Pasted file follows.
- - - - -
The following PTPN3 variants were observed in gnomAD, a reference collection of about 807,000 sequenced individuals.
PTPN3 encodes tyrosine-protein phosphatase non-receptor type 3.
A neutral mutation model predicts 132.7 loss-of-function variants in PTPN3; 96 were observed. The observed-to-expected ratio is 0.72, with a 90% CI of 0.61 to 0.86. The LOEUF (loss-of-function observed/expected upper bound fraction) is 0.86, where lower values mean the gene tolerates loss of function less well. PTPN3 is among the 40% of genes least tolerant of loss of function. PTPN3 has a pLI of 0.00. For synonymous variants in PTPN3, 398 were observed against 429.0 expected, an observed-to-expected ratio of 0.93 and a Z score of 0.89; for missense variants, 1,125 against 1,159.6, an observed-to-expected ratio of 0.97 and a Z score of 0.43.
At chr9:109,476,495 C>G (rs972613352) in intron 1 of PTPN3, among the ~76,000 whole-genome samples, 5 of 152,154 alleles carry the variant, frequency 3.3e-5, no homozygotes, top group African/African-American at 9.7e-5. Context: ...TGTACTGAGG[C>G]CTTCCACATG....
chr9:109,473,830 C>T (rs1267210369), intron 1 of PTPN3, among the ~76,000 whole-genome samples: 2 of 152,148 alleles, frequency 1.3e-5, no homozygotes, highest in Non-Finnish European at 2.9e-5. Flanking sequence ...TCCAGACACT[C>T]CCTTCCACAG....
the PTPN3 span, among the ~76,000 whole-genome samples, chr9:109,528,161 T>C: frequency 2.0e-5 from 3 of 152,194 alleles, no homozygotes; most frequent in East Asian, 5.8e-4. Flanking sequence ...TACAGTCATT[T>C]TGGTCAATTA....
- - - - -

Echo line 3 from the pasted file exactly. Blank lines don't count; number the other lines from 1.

A neutral mutation model predicts 132.7 loss-of-function variants in PTPN3; 96 were observed. The observed-to-expected ratio is 0.72, with a 90% CI of 0.61 to 0.86. The LOEUF (loss-of-function observed/expected upper bound fraction) is 0.86, where lower values mean the gene tolerates loss of function less well. PTPN3 is among the 40% of genes least tolerant of loss of function. PTPN3 has a pLI of 0.00. For synonymous variants in PTPN3, 398 were observed against 429.0 expected, an observed-to-expected ratio of 0.93 and a Z score of 0.89; for missense variants, 1,125 against 1,159.6, an observed-to-expected ratio of 0.97 and a Z score of 0.43.